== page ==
By André Bastos Gurgel, OAB
Most of us are already familiar with the adventures of Asterix the Gaul and his companion Obelix. The series was created by Goscinny and Uderzo in 1959 and is considered the most successful European cartoon in history. Goscinny died in 1978, but Uderzo continued to create Asterix comics until 2012, when he handed the baton to other talented artists. Although their style is a little different and more modern than Uderzo’s, the new books are getting better and better. One excellent book of theirs is Asterix and the Chariot Race, which is a perfect choice for people interested both in classics and in a good comic book.
At the beginning of the book we hear the old saying that “all roads lead to Rome”, however the Roman highways are appalling, as a corrupt senator named Bifidus (probably a pun with bi+fides) is using the money for the Roman highways to finance his orgies instead. Willing to show the world that the Roman highways are in perfect condition, he has the idea of organizing a chariot race through Italy in which all peoples of the ancient world (including barbarians) would participate. No such race ever took place in antiquity, but chariot races were a popular sport.
The Gauls can’t miss this opportunity to defeat the Romans in their homeland, so Obelix buys a chariot (in exhange for eighty menhirs, “a real bargain!”) and convinces Asterix to be his co-auriga. I must congratulate the authors for giving Obelix the main role in this adventure rather than the supporting roles he usually has.
Throughout the book, we see many references to other peoples who inhabited the Italian peninsula apart from the Romans (Etruscans, Cimbri, Veneti). The authors make fun of modern-day stereotypes of every town the Gauls visit during the race. During a brief visit to Venetia, they meet a man in a gondola who invites them to stay for a party at which everybody will be wearing a mask (a reference to the well-known Carnival of Venice). When they reach Parma, they have the now world-famous ham, which is supposed to be eaten in thin slices, but we all know Obelix’s appetite! In Florentia (modern-day Florence) they see amazing works of art. Asterix says he is dizzy with so much beauty (a clear reference to the syndrome of Stendhal). Before the last stop, the Gauls witness Vesuvius about to erupt, but the catastrophe is prevented by Obelix who throws a huge rock inside the vulcano. A note explains that the region will be happy and prosperous until 79 A.D.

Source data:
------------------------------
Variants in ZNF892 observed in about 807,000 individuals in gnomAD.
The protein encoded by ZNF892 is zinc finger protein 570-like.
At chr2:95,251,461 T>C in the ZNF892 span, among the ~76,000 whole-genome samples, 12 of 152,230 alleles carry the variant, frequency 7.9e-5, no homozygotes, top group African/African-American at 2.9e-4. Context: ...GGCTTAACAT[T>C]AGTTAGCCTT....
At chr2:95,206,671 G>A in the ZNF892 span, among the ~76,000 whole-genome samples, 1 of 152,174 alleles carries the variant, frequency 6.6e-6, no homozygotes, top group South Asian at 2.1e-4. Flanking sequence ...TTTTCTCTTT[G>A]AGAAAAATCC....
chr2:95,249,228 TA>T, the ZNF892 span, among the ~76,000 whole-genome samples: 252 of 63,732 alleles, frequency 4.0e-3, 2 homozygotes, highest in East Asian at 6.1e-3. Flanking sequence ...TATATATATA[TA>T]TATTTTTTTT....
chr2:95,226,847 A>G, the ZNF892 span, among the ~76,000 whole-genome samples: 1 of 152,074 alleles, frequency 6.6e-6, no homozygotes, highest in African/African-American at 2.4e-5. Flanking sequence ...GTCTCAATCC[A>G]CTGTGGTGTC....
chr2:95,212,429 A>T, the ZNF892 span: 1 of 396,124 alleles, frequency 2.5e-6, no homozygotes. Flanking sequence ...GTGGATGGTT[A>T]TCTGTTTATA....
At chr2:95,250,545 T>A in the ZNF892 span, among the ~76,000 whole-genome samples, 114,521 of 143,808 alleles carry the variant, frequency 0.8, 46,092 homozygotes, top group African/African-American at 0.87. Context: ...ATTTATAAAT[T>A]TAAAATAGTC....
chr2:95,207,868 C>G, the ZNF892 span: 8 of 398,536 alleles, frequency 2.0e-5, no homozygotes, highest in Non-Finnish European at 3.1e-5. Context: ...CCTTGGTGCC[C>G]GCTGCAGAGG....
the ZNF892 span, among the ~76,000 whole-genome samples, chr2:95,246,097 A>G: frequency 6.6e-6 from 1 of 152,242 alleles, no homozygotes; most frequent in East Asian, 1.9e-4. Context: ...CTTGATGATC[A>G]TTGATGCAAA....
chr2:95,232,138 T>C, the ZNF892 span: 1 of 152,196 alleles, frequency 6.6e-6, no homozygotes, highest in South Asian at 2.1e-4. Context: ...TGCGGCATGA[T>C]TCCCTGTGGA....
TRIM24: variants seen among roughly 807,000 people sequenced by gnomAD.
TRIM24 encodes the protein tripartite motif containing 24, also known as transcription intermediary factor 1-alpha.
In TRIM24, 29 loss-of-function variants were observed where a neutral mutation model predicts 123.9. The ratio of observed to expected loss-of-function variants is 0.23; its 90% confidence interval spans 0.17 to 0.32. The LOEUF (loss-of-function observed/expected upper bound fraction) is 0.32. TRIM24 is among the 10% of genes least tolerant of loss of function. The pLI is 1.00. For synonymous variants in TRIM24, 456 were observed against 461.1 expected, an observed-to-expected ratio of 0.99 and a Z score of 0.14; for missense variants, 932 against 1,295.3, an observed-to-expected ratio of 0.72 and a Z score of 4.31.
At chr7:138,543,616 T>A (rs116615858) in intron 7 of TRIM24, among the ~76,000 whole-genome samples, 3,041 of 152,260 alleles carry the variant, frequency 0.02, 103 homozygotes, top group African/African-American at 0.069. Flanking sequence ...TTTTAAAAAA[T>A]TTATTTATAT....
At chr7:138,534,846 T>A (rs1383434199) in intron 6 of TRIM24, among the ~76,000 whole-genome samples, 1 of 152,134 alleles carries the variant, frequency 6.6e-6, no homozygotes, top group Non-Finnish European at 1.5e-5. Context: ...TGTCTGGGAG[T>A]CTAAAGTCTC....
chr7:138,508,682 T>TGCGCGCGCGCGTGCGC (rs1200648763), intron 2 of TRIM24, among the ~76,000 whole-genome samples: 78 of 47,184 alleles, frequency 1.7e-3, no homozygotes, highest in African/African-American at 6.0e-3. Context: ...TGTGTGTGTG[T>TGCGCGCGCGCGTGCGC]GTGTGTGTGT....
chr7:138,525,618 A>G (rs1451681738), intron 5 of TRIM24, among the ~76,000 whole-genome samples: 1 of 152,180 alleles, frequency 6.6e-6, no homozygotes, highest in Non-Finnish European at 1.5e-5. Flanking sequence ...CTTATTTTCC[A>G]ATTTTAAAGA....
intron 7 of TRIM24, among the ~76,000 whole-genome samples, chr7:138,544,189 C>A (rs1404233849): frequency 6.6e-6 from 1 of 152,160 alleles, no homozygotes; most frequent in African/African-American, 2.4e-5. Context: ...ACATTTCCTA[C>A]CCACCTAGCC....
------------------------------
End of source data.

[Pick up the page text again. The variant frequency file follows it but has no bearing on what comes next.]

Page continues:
The only conceivably bad point I see in this great book is that some of the caricatures of real-life people are a bit over the top. Uderzo and Goscinny were very fond of caricatures, and they would often draw their closest friends and even themselves. Still, among the caricatures in the Chariot Race, I do like the first inkeeper (a caricature of Luciano Pavarotti), an old man drawing a sketch while watching the race (a caricature of Da Vinci) and the Roman champion (resembling the retired Formula 1 driver Alain Prost). If you have bought the book and identified any other celebrities, please write a comment below.
I’ve heard many people dismiss Asterix as comics for children, but the series was made to be appreciated by people of all ages. Just look at the number of classical references and the sophistication of the humor. Of course, Asterix is a great choice for children too, and if you want to expose your child to a fun take on classical history and literature, Asterix is perfect!
ABOUT THE AUTHOR
André Bastos Gurgel, OAB (Order of Attorneys of Brazil), Academic Advisor for the Carmenta Online Latin School, is a life-long student of both modern and ancient languages. Mr. Gurgel is fluent in English, Portuguese, Mandarin, Spanish, French, Italian, German, and Latin (the last of which he learned with Carmenta) and has a working knowledge of Danish, Hebrew, Ancient Greek, and Sanskrit. Mr. Gurgel is currently studying Old English through Carmenta as well.
Click here to read Mr. Gurgel’s full profile.